Joseph Salama

Overview:

Development of novel radiation treatment techniques for patients with limited metastatic disease, and integration of these treatments with systemic therapies. Treatment of head and neck cancers with chemotherapy, radiation and novel targeted drugs. Improving outcomes for medically inoperable patients with lung cancer with new radiation methods. Developing predictors for toxicity of patients treated with chemotherapy and radiation therapy for non-small cell and small cell lung cancer.

Positions:

Professor of Radiation Oncology

Radiation Oncology
School of Medicine

Member of the Duke Cancer Institute

Duke Cancer Institute
School of Medicine

Education:

M.D. 2001

Baylor College of Medicine

Transitional Year Resident, Radiation Oncology

University of Texas Medical School at Houston

Resident, Radiation Oncology

University of Chicago

Chief Resident, Radiation Oncology

University of Chicago

Grants:

Publications:

Development and Implementation of an Educational Simulation Workshop in Fiberoptic Laryngoscopy for Radiation Oncology Residents.

PURPOSE/OBJECTIVES: Fiberoptic laryngoscopy (FOL) is a critical tool for the diagnosis, staging, assessment of treatment response, and detection of recurrence for head and neck (H&N) malignancies. No standardized recommendations exist for procedural FOL education in radiation oncology. We therefore implemented a pilot simulation workshop to train radiation oncology residents in pertinent H&N anatomy and FOL technique. MATERIALS/METHODS: A two-phase workshop and simulation session was designed. Residents initially received a lecture on H&N anatomy and the logistics of the FOL exam. Subsequently, residents had a practical session in which they performed FOL in two simulated environments: a computerized FOL program and a mannequin-based practice. Site-specific attending physicians were present to provide real-time guidance and education. Pre- and post-workshop surveys were administered to the participants to determine the impact of the workshop. Subsequently, postgraduate year (PGY)-2 residents were required to complete six supervised FOL exams in clinic and were provided immediate feedback. RESULTS: Annual workshops were performed in 2017-2019. The survey completion rate was 14/18 (78%). Participants ranged from fourth year medical students (MS-4) to PGY2-PGY-5 residents. All PGY-2 residents completed their 6 supervised FOL exams. On a 5-point Likert scale, mean H&N anatomy knowledge increased from 2.4 to 3.7 (standard deviation=0.6, p<0.0001). Similarly, mean FOL procedural skill confidence increased from 2.2 to 3.3 (standard deviation=0.7, p<0.0001). These effects were limited to novice (MS4-PGY2) participants. 100% of participants found the exercise clinically informative. CONCLUSION: A simulation-based workshop for teaching FOL procedural skills increased confidence and procedural expertise of new radiation oncology residents and translated directly to supervised clinical encounters. Adoption of this type of program may help to improve resident training in H&N cancer.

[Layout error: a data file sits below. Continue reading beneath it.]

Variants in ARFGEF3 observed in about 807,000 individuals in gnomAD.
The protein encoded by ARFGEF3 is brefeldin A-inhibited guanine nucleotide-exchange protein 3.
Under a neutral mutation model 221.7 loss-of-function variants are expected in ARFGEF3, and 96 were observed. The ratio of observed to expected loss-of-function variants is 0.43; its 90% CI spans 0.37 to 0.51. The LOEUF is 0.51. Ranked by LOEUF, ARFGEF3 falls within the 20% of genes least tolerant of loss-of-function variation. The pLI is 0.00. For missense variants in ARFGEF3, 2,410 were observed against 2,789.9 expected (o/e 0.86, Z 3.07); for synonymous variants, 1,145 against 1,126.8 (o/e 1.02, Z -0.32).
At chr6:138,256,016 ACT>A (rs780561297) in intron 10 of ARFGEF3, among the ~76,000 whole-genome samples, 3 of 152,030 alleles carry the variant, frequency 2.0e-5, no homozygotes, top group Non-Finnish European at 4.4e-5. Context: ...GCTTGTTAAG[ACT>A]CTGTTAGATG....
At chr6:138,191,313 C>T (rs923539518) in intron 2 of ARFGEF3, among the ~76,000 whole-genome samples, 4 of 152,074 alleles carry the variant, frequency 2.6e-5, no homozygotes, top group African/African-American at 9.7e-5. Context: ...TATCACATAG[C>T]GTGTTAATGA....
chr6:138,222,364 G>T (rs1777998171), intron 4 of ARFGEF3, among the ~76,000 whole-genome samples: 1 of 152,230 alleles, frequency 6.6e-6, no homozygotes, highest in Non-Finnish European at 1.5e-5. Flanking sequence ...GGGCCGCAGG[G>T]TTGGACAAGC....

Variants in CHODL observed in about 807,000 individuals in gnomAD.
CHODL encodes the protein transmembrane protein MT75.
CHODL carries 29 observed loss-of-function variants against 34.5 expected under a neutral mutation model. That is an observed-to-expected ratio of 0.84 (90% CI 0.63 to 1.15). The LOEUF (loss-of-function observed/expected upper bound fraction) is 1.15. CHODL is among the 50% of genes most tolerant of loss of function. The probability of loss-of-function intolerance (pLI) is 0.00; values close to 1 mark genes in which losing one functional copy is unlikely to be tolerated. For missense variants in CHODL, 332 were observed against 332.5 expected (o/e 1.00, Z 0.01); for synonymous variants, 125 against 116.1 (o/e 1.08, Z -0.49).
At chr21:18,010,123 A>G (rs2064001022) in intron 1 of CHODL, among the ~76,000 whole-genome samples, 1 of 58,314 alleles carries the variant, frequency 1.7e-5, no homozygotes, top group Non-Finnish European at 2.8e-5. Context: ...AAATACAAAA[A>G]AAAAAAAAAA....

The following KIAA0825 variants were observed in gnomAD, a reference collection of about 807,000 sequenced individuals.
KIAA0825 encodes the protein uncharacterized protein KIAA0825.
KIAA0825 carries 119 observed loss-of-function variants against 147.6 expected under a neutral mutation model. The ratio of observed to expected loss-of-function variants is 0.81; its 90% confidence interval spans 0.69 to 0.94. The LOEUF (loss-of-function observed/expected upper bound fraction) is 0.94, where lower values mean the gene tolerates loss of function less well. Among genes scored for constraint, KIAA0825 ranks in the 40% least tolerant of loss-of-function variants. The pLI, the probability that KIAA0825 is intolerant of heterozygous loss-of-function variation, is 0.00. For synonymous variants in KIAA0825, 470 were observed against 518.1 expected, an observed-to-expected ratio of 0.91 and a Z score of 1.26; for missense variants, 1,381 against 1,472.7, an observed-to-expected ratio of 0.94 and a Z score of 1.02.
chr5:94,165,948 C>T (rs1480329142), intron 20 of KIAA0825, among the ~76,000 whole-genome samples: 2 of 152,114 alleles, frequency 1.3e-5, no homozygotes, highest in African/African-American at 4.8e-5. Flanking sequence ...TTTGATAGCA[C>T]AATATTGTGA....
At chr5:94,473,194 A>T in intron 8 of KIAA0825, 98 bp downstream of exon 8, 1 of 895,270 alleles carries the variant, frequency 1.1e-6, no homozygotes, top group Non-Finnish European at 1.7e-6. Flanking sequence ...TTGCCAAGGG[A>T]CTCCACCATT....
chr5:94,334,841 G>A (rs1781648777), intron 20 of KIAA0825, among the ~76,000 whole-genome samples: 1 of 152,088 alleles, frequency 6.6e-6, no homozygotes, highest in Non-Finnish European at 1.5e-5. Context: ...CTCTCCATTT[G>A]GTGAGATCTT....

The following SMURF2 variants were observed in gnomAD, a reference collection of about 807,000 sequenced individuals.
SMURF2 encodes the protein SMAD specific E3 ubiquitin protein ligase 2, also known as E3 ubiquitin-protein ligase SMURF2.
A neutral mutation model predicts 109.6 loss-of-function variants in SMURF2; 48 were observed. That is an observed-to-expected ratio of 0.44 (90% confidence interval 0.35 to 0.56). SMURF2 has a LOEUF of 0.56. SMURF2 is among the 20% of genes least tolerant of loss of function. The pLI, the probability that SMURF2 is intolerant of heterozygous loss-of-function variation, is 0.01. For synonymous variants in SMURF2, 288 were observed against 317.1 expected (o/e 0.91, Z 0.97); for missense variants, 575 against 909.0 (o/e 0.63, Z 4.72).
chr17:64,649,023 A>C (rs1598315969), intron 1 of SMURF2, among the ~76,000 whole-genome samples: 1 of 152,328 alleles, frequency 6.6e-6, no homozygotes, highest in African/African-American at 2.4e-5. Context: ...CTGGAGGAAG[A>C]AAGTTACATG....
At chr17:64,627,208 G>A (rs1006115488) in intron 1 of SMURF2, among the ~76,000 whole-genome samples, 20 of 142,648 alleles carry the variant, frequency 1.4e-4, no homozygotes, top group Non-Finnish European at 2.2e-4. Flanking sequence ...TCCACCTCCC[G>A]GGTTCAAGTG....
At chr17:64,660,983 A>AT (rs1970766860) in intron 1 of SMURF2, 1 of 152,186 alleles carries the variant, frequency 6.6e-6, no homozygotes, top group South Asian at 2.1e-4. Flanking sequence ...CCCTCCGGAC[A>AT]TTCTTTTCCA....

Authors
Price, JG; Spiegel, DY; Yoo, DS; Moravan, MJ; Mowery, YM; Niedzwiecki, D; Brizel, DM; Salama, JK
MLA Citation
Price, Jeremy G., et al. “Development and Implementation of an Educational Simulation Workshop in Fiberoptic Laryngoscopy for Radiation Oncology Residents.Int J Radiat Oncol Biol Phys, May 2020. Pubmed, doi:10.1016/j.ijrobp.2020.05.009.
URI
https://scholars.duke.edu/individual/pub1441495
PMID
32417408
Source
pubmed
Published In
Int J Radiat Oncol Biol Phys
Published Date
DOI
10.1016/j.ijrobp.2020.05.009

DOES ABDOMINAL AND PELVIC ADIPOSE TISSUE DISTRIBUTION IMPACT PROSTATE CANCER-SPECIFIC OUTCOMES AFTER RADIATION THERAPY?

Authors
Di Bella, CM; Howard, LE; Oyekunle, T; De Hoedt, AM; Salama, JK; Freedland, SJ; Allott, EH